The only two ways to prevent cell reversal is to not discharge deep enough that one cell becomes completely discharged while the others still have charge in them. If this happens the ones that still have charge in them must still send their charge through the dead cell (because the cells are in series) and the dead cell receives a negative voltage from the ones that still have a charge. The voltage of the pack itself will still be positive so putting a diode here will do nothing. The second way to prevent cell reversal is to isolate each cell electrically like a discharge tray does.
As far as ceramic discharger, I guess you mean a ceramic resistor. The rate at which it discharges will depend on its resistance and the voltage in the pack, its not a constant discharge rate.
For example the resistance is 7.2 ohms and lets say you pack puts out 7.2 volts when connected to it because of ohms law V=IR we can get I=V/R so it will be discharging at 1 amp. Now as a pack discharges its voltage drops so the discharge rate will decrease.
Diodes in discharge trays don't have anything to do with cell reversal. Because in a try the cells are electrically isolated from each other the max any tray can do to a battery is bring it to zero. The diodes prevent this because they have a forward voltage drop of arround 0.7 volts. This mean for any current to flow there must be 0.7 volts or more applied. Diodes were added to discharge trays a few years back because dischargeing batteries to 0 volts can sometimes lead to a pack that likes to false peak early in its charge cycle. Now with NiMH cells they also benefit your cells because if you take a NiMH cell to zero it may never take a charge again, but it has nothing to do with cell reversal.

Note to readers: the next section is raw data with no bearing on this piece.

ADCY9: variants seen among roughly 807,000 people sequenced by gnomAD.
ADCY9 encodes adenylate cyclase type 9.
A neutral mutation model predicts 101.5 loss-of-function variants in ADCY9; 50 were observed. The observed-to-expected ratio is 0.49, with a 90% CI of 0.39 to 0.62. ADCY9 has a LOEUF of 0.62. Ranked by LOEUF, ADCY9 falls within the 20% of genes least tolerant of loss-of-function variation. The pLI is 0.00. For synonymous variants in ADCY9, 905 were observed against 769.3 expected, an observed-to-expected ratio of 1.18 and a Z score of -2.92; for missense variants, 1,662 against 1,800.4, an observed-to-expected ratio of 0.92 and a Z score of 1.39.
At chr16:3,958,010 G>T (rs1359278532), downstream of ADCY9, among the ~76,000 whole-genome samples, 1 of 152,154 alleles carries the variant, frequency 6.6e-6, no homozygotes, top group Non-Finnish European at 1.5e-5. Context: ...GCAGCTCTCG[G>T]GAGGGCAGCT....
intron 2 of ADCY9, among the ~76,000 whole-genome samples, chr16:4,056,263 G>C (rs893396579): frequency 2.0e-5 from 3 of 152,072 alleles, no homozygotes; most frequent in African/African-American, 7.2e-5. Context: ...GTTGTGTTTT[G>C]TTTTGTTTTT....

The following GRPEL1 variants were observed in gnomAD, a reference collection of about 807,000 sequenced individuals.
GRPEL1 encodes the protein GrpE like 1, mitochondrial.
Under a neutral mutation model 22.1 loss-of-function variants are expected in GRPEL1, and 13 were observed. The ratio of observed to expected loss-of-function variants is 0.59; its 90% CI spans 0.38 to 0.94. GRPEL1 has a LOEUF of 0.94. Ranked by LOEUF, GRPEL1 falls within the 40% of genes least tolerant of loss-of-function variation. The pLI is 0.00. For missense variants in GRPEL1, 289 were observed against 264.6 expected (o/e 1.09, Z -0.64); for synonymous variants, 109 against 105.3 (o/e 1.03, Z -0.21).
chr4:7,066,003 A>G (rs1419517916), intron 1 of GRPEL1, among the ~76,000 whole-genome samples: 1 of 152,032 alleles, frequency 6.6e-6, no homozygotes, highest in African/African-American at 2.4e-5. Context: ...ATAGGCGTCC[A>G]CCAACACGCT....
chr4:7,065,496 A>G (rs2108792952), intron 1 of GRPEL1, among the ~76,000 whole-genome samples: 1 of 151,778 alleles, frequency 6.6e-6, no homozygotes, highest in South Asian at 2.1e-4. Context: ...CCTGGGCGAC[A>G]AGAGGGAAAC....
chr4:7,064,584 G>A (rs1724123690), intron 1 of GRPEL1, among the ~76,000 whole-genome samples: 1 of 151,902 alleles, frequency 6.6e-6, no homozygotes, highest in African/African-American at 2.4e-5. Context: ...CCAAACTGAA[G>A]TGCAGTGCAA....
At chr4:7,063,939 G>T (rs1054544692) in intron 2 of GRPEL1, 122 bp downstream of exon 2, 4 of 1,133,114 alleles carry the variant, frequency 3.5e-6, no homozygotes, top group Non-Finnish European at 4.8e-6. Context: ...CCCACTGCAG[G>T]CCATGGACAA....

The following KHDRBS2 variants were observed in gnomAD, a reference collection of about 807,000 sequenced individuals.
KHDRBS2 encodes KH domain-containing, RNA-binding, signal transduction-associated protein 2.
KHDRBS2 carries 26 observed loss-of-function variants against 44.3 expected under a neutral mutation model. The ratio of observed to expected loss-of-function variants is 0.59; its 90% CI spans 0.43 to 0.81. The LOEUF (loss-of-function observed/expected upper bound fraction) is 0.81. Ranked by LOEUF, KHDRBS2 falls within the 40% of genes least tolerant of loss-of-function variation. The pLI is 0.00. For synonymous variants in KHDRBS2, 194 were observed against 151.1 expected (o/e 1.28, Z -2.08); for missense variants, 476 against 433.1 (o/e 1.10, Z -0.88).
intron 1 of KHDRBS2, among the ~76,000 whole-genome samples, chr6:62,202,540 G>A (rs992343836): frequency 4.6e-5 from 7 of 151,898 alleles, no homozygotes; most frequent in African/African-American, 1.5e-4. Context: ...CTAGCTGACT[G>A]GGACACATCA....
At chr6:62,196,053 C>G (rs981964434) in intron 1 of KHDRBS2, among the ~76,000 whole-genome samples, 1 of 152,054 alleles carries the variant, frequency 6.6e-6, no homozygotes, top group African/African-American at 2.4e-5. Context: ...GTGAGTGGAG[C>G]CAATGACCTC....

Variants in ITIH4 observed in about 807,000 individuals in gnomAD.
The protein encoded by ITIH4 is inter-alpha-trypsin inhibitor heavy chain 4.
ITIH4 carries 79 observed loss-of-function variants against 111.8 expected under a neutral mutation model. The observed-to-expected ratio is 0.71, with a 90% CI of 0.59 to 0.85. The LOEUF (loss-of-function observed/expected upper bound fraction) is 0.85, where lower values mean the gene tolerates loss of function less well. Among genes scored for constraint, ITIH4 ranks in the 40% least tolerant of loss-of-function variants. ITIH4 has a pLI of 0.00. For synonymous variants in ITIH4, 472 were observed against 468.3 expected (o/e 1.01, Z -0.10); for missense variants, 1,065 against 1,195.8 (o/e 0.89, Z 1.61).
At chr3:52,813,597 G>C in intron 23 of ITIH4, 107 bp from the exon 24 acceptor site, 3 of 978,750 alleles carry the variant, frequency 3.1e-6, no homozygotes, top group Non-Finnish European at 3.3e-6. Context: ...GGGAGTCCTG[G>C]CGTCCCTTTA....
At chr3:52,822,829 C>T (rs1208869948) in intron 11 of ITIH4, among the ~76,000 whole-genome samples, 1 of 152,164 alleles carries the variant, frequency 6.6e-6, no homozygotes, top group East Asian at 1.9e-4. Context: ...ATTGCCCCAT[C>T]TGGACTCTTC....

Hope I helped out.
Last edited by patcollins; 04-17-2002 at 04:21 PM.